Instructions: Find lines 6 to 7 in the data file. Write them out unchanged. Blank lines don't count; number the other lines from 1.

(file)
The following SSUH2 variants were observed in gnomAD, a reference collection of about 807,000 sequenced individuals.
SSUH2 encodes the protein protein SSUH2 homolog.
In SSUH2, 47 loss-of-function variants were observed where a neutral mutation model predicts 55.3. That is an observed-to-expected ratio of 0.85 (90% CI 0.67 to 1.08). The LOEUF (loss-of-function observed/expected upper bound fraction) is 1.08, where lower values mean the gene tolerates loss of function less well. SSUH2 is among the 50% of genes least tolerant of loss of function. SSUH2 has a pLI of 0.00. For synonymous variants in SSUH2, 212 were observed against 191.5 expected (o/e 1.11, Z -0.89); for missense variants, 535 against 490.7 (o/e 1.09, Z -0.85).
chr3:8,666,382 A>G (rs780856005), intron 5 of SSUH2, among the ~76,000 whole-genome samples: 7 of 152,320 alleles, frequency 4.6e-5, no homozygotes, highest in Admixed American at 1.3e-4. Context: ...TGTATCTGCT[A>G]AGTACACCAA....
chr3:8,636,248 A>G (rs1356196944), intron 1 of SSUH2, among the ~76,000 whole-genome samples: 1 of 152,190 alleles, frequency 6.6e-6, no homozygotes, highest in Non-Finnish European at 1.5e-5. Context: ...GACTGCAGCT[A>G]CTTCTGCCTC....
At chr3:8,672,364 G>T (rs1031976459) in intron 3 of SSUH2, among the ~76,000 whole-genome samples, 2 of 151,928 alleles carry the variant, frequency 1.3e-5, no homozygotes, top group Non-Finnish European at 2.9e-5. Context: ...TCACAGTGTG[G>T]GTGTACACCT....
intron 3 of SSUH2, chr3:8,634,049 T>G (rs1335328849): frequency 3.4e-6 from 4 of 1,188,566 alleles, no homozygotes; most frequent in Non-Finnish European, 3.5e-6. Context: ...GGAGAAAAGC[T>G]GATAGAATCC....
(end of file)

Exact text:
At chr3:8,672,364 G>T (rs1031976459) in intron 3 of SSUH2, among the ~76,000 whole-genome samples, 2 of 151,928 alleles carry the variant, frequency 1.3e-5, no homozygotes, top group Non-Finnish European at 2.9e-5. Context: ...TCACAGTGTG[G>T]GTGTACACCT....
intron 3 of SSUH2, chr3:8,634,049 T>G (rs1335328849): frequency 3.4e-6 from 4 of 1,188,566 alleles, no homozygotes; most frequent in Non-Finnish European, 3.5e-6. Context: ...GGAGAAAAGC[T>G]GATAGAATCC....